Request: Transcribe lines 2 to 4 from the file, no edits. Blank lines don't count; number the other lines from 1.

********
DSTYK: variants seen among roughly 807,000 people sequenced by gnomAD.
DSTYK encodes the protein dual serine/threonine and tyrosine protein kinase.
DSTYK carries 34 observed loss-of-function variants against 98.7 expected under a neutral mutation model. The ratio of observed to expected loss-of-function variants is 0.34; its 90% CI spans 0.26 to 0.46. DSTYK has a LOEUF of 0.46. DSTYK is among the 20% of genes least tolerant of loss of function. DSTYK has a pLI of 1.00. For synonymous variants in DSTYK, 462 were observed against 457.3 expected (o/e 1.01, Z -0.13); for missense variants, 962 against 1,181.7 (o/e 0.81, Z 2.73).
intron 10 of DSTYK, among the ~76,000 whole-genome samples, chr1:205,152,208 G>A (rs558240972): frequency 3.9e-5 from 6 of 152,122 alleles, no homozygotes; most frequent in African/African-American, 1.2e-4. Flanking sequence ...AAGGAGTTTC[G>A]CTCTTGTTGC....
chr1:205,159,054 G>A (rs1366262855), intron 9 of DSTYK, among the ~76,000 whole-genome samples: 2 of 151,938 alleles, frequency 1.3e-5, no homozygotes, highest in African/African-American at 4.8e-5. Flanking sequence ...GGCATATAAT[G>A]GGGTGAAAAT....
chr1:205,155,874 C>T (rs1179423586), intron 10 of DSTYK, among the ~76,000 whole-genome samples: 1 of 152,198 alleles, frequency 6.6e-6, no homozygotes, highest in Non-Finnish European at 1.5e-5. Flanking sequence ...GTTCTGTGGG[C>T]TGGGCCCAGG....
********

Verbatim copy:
DSTYK encodes the protein dual serine/threonine and tyrosine protein kinase.
DSTYK carries 34 observed loss-of-function variants against 98.7 expected under a neutral mutation model. The ratio of observed to expected loss-of-function variants is 0.34; its 90% CI spans 0.26 to 0.46. DSTYK has a LOEUF of 0.46. DSTYK is among the 20% of genes least tolerant of loss of function. DSTYK has a pLI of 1.00. For synonymous variants in DSTYK, 462 were observed against 457.3 expected (o/e 1.01, Z -0.13); for missense variants, 962 against 1,181.7 (o/e 0.81, Z 2.73).
intron 10 of DSTYK, among the ~76,000 whole-genome samples, chr1:205,152,208 G>A (rs558240972): frequency 3.9e-5 from 6 of 152,122 alleles, no homozygotes; most frequent in African/African-American, 1.2e-4. Flanking sequence ...AAGGAGTTTC[G>A]CTCTTGTTGC....